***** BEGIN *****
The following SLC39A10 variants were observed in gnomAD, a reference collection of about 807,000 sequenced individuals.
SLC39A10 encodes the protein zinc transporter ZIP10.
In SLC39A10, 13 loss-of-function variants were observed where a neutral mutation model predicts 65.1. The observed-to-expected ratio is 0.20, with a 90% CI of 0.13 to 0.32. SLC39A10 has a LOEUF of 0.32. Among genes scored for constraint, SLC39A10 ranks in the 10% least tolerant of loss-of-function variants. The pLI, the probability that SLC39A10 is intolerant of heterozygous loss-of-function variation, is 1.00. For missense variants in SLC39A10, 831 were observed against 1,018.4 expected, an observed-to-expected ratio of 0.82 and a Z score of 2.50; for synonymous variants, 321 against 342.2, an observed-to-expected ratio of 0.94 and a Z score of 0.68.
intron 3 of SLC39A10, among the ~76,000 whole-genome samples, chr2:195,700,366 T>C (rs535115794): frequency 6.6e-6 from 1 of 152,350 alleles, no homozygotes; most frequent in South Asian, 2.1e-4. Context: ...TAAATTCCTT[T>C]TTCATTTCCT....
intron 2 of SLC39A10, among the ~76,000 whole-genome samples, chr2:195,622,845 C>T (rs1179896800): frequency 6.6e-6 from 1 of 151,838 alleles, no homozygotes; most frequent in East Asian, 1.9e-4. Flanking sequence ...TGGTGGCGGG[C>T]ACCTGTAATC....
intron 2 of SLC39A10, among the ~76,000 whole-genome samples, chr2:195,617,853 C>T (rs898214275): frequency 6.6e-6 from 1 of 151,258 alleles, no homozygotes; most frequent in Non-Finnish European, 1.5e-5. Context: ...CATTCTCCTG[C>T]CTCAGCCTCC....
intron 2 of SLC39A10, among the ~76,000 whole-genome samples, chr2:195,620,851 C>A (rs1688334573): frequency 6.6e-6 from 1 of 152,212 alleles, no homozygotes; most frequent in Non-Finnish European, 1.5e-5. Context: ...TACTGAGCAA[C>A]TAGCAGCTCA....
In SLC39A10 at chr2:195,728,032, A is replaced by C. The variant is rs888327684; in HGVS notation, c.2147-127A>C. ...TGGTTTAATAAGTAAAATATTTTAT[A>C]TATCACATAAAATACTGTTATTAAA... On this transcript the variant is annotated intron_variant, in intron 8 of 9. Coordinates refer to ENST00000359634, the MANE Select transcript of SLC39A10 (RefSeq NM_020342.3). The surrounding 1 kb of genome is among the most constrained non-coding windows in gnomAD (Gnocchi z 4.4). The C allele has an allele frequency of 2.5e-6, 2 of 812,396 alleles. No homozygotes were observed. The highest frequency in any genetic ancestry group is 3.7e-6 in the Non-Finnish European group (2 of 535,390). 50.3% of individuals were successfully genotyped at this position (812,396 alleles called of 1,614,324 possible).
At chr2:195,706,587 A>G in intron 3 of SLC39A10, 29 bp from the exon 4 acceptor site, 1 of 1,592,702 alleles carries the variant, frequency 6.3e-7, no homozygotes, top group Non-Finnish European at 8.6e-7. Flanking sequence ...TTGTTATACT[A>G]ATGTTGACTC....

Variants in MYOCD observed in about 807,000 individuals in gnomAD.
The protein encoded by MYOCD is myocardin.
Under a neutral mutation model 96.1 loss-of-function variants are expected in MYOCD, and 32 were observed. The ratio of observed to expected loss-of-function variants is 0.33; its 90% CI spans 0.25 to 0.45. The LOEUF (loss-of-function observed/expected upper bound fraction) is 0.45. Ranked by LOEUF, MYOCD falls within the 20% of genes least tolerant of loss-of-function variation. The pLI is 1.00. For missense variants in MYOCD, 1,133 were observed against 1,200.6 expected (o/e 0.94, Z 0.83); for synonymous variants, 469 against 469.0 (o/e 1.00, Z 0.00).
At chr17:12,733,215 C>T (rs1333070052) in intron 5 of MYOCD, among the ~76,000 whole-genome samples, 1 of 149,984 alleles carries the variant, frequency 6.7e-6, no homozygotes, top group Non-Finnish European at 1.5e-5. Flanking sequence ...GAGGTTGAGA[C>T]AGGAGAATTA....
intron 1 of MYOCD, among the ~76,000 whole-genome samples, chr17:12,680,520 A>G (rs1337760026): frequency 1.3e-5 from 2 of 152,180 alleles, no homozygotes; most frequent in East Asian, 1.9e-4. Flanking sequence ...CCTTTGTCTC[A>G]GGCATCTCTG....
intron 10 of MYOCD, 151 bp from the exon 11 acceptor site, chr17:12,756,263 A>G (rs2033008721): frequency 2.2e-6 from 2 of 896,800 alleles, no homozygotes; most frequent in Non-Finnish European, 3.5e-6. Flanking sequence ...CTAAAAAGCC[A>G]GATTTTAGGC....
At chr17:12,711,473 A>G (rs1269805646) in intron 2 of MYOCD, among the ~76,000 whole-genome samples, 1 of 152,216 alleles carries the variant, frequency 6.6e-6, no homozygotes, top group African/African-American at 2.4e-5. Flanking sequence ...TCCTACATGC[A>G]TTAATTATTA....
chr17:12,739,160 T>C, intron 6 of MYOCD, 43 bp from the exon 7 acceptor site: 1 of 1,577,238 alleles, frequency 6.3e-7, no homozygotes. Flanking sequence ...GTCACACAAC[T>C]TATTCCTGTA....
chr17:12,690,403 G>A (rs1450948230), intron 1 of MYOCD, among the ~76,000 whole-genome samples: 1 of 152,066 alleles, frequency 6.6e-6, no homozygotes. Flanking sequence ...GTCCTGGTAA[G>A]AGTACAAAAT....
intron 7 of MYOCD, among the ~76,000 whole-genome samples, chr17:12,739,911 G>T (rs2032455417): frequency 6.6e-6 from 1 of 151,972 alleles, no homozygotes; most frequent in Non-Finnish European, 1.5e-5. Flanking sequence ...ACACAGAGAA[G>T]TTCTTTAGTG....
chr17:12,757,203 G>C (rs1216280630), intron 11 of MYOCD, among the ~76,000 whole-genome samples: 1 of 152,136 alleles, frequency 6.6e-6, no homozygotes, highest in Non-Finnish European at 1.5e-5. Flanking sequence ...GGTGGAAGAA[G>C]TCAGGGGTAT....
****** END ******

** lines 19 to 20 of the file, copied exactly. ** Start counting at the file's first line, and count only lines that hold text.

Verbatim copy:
intron 7 of MYOCD, among the ~76,000 whole-genome samples, chr17:12,739,911 G>T (rs2032455417): frequency 6.6e-6 from 1 of 151,972 alleles, no homozygotes; most frequent in Non-Finnish European, 1.5e-5. Flanking sequence ...ACACAGAGAA[G>T]TTCTTTAGTG....
chr17:12,757,203 G>C (rs1216280630), intron 11 of MYOCD, among the ~76,000 whole-genome samples: 1 of 152,136 alleles, frequency 6.6e-6, no homozygotes, highest in Non-Finnish European at 1.5e-5. Flanking sequence ...GGTGGAAGAA[G>C]TCAGGGGTAT....